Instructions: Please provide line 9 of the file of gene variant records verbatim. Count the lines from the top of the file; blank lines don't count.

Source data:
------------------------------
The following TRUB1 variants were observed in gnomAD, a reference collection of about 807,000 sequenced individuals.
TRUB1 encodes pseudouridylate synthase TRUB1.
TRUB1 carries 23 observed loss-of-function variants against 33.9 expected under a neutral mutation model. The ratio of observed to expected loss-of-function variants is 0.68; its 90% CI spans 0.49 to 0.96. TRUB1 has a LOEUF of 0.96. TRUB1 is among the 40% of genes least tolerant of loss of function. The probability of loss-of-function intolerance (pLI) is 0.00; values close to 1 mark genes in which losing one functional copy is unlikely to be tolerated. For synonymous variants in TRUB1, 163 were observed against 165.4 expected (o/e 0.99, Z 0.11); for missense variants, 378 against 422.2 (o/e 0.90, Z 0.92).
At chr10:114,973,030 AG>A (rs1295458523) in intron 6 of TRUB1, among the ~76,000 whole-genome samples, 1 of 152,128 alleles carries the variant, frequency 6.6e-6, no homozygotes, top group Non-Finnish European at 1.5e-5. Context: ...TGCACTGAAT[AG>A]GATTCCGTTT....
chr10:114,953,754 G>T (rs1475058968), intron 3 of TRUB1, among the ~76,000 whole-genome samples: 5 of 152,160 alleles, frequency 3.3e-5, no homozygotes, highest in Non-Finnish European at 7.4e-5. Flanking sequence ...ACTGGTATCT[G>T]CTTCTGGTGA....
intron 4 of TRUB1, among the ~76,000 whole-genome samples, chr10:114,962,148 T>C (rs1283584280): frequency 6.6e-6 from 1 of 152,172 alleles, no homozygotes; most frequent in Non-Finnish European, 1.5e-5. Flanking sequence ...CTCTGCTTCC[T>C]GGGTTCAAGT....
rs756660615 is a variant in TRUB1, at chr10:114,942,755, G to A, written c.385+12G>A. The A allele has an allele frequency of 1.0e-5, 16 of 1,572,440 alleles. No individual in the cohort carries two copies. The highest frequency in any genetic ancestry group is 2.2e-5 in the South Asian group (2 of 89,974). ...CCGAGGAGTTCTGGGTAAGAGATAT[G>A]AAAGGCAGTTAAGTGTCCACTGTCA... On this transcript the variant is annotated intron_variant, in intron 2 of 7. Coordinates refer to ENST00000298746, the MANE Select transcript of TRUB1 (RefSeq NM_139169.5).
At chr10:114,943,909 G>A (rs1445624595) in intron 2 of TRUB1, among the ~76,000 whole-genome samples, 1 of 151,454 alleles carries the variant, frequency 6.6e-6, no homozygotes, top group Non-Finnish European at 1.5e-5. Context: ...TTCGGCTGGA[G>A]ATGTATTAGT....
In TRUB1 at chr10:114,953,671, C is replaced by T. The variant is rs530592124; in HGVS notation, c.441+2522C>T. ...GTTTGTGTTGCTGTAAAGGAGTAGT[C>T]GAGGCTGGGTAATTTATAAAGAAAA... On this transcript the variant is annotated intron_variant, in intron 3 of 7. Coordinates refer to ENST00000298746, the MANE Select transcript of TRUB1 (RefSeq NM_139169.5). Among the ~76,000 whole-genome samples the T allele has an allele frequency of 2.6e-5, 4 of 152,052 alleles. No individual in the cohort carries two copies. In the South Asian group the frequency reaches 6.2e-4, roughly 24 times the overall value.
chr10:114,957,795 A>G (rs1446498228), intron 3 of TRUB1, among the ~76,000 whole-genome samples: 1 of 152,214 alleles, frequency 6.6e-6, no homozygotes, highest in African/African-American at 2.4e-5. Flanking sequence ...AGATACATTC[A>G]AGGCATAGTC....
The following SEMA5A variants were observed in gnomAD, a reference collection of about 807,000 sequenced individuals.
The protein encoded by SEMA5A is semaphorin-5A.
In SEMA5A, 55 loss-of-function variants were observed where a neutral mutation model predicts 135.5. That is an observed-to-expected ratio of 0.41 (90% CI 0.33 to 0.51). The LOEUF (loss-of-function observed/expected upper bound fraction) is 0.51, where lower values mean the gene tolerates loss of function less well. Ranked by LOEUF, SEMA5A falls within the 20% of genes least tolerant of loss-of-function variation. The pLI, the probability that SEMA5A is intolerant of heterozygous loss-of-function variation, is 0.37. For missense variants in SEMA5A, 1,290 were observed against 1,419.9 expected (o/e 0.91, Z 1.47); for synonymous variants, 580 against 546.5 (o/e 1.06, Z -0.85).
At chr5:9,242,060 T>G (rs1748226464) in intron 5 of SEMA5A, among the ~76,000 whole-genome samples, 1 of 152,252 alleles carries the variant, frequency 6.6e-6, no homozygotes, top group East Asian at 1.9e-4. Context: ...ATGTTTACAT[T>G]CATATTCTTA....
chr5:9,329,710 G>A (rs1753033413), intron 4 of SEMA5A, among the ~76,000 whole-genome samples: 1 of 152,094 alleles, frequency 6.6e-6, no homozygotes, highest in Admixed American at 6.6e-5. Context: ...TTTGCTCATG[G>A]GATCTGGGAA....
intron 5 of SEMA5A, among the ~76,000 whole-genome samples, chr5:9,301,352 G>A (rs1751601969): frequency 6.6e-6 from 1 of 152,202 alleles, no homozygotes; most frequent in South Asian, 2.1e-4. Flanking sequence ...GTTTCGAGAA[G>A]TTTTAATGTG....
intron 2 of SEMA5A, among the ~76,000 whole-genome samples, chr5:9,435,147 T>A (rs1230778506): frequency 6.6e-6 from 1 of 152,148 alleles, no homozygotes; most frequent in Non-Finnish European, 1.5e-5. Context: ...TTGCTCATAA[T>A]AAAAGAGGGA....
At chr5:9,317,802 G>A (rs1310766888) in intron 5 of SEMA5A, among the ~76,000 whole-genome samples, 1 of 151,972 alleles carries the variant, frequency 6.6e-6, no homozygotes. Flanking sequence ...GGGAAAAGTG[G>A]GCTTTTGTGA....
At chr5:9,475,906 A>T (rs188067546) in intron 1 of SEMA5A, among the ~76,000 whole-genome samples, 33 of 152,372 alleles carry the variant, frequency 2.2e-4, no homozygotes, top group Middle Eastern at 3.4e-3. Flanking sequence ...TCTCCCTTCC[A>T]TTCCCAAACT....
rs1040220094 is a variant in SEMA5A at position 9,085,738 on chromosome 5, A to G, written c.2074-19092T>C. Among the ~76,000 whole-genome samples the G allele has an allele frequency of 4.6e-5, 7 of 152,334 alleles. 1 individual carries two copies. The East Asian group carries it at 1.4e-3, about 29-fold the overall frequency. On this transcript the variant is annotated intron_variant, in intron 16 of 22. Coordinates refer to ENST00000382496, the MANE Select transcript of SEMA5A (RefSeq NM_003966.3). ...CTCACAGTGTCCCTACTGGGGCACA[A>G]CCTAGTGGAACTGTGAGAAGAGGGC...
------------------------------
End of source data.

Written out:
In TRUB1 at chr10:114,953,671, C is replaced by T. The variant is rs530592124; in HGVS notation, c.441+2522C>T. ...GTTTGTGTTGCTGTAAAGGAGTAGT[C>T]GAGGCTGGGTAATTTATAAAGAAAA... On this transcript the variant is annotated intron_variant, in intron 3 of 7. Coordinates refer to ENST00000298746, the MANE Select transcript of TRUB1 (RefSeq NM_139169.5). Among the ~76,000 whole-genome samples the T allele has an allele frequency of 2.6e-5, 4 of 152,052 alleles. No individual in the cohort carries two copies. In the South Asian group the frequency reaches 6.2e-4, roughly 24 times the overall value.